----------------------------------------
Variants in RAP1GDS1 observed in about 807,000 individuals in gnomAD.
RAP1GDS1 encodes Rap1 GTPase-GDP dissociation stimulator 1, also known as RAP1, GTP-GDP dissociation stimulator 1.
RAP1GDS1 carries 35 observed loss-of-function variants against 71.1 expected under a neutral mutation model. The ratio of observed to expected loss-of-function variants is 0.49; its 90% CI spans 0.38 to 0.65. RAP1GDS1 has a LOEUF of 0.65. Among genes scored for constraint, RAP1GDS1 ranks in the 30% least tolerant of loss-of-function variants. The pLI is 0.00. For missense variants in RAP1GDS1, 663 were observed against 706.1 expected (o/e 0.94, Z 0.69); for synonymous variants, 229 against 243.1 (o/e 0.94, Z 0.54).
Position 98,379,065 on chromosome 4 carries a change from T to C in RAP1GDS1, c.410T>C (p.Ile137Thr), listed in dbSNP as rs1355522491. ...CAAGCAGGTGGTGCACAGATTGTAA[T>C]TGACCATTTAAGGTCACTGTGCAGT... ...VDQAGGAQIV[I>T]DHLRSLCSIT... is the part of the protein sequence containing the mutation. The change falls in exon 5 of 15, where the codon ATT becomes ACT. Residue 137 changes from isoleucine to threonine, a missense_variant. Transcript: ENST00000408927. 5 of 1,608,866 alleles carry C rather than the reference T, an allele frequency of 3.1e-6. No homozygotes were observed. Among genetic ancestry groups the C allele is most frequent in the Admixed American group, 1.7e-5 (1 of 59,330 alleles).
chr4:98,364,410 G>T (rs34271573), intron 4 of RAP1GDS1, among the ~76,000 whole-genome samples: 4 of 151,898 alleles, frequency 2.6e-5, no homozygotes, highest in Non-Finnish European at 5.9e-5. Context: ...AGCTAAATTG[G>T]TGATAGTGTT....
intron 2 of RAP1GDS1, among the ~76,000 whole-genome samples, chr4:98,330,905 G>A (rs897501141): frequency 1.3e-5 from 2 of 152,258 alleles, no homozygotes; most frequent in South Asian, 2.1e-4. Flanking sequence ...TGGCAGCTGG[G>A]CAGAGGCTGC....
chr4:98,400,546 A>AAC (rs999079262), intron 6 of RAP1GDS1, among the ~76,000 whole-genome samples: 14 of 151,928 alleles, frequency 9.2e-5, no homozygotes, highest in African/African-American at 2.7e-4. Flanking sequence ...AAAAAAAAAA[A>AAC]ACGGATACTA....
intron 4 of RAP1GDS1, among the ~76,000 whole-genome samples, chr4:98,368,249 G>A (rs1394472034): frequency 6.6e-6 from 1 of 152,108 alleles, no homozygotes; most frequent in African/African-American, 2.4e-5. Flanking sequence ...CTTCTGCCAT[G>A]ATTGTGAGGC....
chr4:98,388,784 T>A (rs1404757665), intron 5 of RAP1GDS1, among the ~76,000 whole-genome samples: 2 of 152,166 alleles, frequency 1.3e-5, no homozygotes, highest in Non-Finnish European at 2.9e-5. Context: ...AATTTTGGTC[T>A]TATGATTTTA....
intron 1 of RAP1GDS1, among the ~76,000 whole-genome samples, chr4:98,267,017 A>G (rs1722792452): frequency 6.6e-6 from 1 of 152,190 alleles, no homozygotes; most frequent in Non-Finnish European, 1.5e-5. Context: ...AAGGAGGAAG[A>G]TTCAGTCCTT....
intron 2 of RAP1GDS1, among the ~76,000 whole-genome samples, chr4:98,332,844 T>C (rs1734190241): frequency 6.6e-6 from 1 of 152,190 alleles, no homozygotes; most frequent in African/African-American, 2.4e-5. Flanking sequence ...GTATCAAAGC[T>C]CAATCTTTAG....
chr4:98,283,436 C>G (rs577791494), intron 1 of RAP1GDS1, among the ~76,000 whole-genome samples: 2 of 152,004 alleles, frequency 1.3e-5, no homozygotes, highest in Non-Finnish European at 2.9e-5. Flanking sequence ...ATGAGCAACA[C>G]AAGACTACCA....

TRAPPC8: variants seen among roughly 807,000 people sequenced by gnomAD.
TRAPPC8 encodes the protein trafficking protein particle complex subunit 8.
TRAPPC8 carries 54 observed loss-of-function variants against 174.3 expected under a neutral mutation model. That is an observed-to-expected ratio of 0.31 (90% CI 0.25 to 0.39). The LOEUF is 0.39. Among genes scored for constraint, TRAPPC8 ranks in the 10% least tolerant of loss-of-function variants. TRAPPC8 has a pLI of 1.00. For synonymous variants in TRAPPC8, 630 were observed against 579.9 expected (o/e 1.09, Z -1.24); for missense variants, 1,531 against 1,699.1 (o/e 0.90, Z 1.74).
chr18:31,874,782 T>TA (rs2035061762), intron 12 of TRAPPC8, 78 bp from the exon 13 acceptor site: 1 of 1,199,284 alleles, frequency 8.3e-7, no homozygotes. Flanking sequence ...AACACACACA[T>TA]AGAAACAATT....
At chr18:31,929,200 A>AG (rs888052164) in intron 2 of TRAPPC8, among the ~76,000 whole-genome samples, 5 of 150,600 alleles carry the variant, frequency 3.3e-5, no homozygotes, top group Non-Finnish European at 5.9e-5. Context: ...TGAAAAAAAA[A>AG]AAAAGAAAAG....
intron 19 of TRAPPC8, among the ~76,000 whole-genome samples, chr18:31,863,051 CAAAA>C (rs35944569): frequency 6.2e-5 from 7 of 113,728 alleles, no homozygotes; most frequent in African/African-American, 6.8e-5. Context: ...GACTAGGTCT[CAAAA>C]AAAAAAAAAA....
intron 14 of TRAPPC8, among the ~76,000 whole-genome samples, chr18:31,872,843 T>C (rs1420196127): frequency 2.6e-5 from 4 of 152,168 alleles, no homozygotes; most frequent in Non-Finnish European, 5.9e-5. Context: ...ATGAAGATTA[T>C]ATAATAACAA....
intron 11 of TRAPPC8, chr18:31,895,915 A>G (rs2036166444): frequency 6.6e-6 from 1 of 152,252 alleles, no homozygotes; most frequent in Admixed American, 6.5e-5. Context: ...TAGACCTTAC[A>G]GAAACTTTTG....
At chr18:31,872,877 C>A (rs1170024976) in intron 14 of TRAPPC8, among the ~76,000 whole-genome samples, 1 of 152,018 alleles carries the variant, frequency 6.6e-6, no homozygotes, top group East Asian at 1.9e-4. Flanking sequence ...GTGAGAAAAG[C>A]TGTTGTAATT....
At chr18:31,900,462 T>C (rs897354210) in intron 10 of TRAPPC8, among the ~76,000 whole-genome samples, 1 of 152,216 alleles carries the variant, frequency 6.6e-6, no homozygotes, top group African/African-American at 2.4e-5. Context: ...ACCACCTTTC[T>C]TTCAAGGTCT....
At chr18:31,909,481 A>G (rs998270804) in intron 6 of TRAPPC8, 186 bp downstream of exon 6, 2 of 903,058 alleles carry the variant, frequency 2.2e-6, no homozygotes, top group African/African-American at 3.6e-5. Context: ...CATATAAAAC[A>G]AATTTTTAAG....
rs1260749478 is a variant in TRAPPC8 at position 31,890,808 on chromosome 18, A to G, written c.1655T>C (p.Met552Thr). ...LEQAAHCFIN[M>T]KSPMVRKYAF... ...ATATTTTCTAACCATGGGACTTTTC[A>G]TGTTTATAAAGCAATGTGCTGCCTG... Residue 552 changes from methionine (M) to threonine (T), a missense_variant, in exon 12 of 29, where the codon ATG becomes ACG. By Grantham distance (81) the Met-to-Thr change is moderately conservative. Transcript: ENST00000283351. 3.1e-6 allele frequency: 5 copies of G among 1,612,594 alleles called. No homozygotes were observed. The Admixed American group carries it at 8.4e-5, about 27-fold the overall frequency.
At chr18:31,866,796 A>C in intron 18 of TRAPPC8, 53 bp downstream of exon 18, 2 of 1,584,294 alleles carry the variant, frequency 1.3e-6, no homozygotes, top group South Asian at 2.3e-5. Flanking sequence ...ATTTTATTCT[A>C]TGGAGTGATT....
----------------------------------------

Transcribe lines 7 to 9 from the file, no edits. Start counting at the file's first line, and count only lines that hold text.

chr4:98,400,546 A>AAC (rs999079262), intron 6 of RAP1GDS1, among the ~76,000 whole-genome samples: 14 of 151,928 alleles, frequency 9.2e-5, no homozygotes, highest in African/African-American at 2.7e-4. Flanking sequence ...AAAAAAAAAA[A>AAC]ACGGATACTA....
intron 4 of RAP1GDS1, among the ~76,000 whole-genome samples, chr4:98,368,249 G>A (rs1394472034): frequency 6.6e-6 from 1 of 152,108 alleles, no homozygotes; most frequent in African/African-American, 2.4e-5. Flanking sequence ...CTTCTGCCAT[G>A]ATTGTGAGGC....
chr4:98,388,784 T>A (rs1404757665), intron 5 of RAP1GDS1, among the ~76,000 whole-genome samples: 2 of 152,166 alleles, frequency 1.3e-5, no homozygotes, highest in Non-Finnish European at 2.9e-5. Context: ...AATTTTGGTC[T>A]TATGATTTTA....